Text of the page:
Royal Marine stress training for Cardiff hospital staff

Staff have had training similar to that used by marines to deal with "mental rigours" of their day to day role

Techniques developed by the Royal Marines on how to deal with stress are being used by hospital staff working in an accident and emergency (A&E) unit.

It is part of a year-long pilot scheme at Cardiff's University Hospital of Wales (UHW).

Staff have had training similar to that used by marines to deal with "mental rigours" of their day to day role.

It comes after 83% of A&E UHW staff said they needed more support to deal with work-related stress and anxiety.

A staff survey also revealed one in three said they had faced on-going difficulties at work and at home following traumatic experiences.

Under the scheme, which coincides with National Stress Awareness Day, staff can anonymously and confidentially report any problems to trained colleagues.

Wayne Parsons Wayne Parsons suffered with post-traumatic stress after witnessing the death of two children

Staff will also be trained to spot potential signs of stress and anxiety in colleagues and deal with it appropriately.

Neil Roberts, a consultant clinical psychologist at Cardiff and Vale University Health Board said: "We think this is the first time that it has been used in an emergency medicine environment.

"It was developed by the Royal Marines and has been used by a number of police forces and fire services too and helps staff identify the signs of stress and trauma in colleagues and equips them to engage with them, offering support or helping them to access other support services within the health board, if needed."

Senior nurse Wayne Parsons suffered with post-traumatic stress after witnessing the death of two children.

"I don't think you realise you're under pressure," he said.

"It tends to be other people who notice. You can see horrendous things, look after horrendous injuries, things that are everyday life in the emergency unit."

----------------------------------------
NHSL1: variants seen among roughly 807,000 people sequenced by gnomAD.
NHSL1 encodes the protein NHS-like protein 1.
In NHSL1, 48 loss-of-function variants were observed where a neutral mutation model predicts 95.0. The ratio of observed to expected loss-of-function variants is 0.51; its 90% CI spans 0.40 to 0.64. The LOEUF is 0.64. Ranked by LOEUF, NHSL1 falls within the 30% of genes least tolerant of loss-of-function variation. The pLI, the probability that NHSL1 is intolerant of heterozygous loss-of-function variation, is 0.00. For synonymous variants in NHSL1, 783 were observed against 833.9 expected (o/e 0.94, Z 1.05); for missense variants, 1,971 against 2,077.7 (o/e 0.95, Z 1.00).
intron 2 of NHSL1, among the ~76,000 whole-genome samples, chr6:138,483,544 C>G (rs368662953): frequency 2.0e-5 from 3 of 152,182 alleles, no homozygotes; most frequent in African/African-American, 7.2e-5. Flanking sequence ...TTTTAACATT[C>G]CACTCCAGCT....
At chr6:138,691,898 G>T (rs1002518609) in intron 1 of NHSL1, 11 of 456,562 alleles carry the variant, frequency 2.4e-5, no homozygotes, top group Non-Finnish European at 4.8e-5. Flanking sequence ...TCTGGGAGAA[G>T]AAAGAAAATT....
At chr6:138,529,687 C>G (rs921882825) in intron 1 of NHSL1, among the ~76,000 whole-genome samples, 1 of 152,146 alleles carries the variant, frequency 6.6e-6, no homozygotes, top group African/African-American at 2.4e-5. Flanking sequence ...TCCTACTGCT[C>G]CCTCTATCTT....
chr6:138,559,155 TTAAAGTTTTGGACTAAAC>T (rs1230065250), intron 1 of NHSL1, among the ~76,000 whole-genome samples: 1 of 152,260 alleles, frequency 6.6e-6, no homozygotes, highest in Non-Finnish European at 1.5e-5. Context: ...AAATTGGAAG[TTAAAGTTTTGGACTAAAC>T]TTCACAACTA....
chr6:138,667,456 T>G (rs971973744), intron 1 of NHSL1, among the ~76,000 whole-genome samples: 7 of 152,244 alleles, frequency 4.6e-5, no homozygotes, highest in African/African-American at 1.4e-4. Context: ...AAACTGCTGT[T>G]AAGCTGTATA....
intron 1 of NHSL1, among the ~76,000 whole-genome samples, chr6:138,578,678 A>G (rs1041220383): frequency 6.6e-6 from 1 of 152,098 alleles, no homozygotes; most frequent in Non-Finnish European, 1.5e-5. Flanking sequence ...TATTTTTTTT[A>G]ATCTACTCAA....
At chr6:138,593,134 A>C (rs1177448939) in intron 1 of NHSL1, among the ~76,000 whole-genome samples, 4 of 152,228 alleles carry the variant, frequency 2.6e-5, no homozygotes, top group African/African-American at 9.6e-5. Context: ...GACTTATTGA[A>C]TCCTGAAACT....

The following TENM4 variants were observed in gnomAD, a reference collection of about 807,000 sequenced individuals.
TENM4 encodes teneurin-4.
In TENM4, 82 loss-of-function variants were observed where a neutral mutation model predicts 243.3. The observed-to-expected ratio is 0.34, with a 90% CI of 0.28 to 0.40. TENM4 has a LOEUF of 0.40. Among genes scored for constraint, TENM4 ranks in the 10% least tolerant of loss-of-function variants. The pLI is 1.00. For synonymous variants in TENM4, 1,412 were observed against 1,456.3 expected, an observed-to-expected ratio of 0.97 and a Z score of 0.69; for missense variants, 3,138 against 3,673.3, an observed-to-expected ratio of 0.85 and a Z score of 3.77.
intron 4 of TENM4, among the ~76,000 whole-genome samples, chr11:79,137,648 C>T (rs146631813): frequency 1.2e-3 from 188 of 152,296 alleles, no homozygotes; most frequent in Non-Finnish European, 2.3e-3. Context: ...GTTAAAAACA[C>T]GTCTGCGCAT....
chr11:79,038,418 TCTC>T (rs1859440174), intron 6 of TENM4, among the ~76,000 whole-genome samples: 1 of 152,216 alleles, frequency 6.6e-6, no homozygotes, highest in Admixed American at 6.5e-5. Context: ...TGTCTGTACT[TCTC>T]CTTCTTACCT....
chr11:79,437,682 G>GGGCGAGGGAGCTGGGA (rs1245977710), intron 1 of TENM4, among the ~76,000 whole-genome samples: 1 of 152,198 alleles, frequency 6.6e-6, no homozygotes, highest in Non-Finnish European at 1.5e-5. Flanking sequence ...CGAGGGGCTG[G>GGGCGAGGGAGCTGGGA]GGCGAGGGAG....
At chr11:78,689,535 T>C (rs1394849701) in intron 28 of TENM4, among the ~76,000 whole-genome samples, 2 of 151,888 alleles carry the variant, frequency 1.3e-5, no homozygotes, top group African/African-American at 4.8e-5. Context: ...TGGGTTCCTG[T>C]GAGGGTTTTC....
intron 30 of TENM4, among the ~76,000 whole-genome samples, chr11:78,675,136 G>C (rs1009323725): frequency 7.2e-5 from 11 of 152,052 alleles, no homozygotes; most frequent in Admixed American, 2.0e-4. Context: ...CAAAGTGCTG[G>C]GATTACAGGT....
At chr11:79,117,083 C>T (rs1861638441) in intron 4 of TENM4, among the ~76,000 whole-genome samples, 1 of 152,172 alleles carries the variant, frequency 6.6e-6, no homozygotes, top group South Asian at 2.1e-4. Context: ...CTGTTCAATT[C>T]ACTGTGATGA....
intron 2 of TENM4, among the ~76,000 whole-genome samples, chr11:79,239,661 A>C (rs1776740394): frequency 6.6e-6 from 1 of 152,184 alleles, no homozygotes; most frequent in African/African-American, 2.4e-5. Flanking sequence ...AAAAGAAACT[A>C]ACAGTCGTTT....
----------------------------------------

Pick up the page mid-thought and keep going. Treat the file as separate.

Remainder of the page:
• Increase staff awareness of what might be signs of stress and trauma-type reaction
  • Practise in role play how they would deal with the situation as if it was a real life scenario
  • How to apply the model in the department's working environment

Mr Parsons said it often takes an insignificant trigger for staff to "lose it".

Too late

"So it's a case of realising there's a build up of stress and pressure on yourself I didn't notice until it was too late," he said.

"Had the scheme been in place I don't think I would have needed to take the time off."

Staff nurse Sue Wood has been put through the marine-style training. She was on duty when a driver went on a hit-and-run spree in Ely, Cardiff, last month, killing Karina Menzies and injuring 13 people.

"Thankfully those kinds of incidents are rare," she said.

"But we see very difficult things on a daily basis, serious injuries like traffic accidents or someone being run over by a tractor.

"Getting on with it has always been the attitude in A&E, but it does affect us, we're still human. We need to have a vent."

Around 400 to 450 people a day attend A&E, according to staff.

Ewan Hilton, executive director of mental health charity Gofal welcomed the move by the hospital.

"Creating a culture where people feel confident to talk about their mental health and better informed to support each other can only be a positive thing for individual staff members, patients and the department as a whole," he said.

"The Welsh government's new strategy 'Together for Mental Health' makes it clear that every person, organisation and sector has an important role to play in improving mental health and wellbeing.

"As well as the obvious human and social costs, it is estimated that mental health problems cost the Welsh economy £7.2bn every year, and we encourage all employers to make staff mental health and wellbeing a priority."

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